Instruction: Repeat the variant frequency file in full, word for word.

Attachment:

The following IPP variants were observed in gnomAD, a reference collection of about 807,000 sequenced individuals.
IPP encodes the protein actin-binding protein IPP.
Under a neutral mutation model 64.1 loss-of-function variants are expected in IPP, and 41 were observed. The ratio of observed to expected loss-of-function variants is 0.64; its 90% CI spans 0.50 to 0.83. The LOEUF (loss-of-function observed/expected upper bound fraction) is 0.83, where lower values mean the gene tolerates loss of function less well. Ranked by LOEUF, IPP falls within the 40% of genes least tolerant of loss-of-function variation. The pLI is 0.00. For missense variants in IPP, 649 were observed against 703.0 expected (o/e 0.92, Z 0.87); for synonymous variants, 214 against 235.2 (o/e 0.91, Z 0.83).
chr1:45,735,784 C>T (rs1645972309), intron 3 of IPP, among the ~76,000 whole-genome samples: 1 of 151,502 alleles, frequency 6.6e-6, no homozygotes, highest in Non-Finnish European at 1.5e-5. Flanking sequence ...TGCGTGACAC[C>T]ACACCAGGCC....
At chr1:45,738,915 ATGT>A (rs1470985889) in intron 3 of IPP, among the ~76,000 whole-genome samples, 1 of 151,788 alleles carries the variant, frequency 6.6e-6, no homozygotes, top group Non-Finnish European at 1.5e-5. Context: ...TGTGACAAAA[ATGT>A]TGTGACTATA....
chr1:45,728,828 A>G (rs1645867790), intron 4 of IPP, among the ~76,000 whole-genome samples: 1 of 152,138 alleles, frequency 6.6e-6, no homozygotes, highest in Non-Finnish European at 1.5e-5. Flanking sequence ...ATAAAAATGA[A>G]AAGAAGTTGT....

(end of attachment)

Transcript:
The following IPP variants were observed in gnomAD, a reference collection of about 807,000 sequenced individuals.
IPP encodes the protein actin-binding protein IPP.
Under a neutral mutation model 64.1 loss-of-function variants are expected in IPP, and 41 were observed. The ratio of observed to expected loss-of-function variants is 0.64; its 90% CI spans 0.50 to 0.83. The LOEUF (loss-of-function observed/expected upper bound fraction) is 0.83, where lower values mean the gene tolerates loss of function less well. Ranked by LOEUF, IPP falls within the 40% of genes least tolerant of loss-of-function variation. The pLI is 0.00. For missense variants in IPP, 649 were observed against 703.0 expected (o/e 0.92, Z 0.87); for synonymous variants, 214 against 235.2 (o/e 0.91, Z 0.83).
chr1:45,735,784 C>T (rs1645972309), intron 3 of IPP, among the ~76,000 whole-genome samples: 1 of 151,502 alleles, frequency 6.6e-6, no homozygotes, highest in Non-Finnish European at 1.5e-5. Flanking sequence ...TGCGTGACAC[C>T]ACACCAGGCC....
At chr1:45,738,915 ATGT>A (rs1470985889) in intron 3 of IPP, among the ~76,000 whole-genome samples, 1 of 151,788 alleles carries the variant, frequency 6.6e-6, no homozygotes, top group Non-Finnish European at 1.5e-5. Context: ...TGTGACAAAA[ATGT>A]TGTGACTATA....
chr1:45,728,828 A>G (rs1645867790), intron 4 of IPP, among the ~76,000 whole-genome samples: 1 of 152,138 alleles, frequency 6.6e-6, no homozygotes, highest in Non-Finnish European at 1.5e-5. Flanking sequence ...ATAAAAATGA[A>G]AAGAAGTTGT....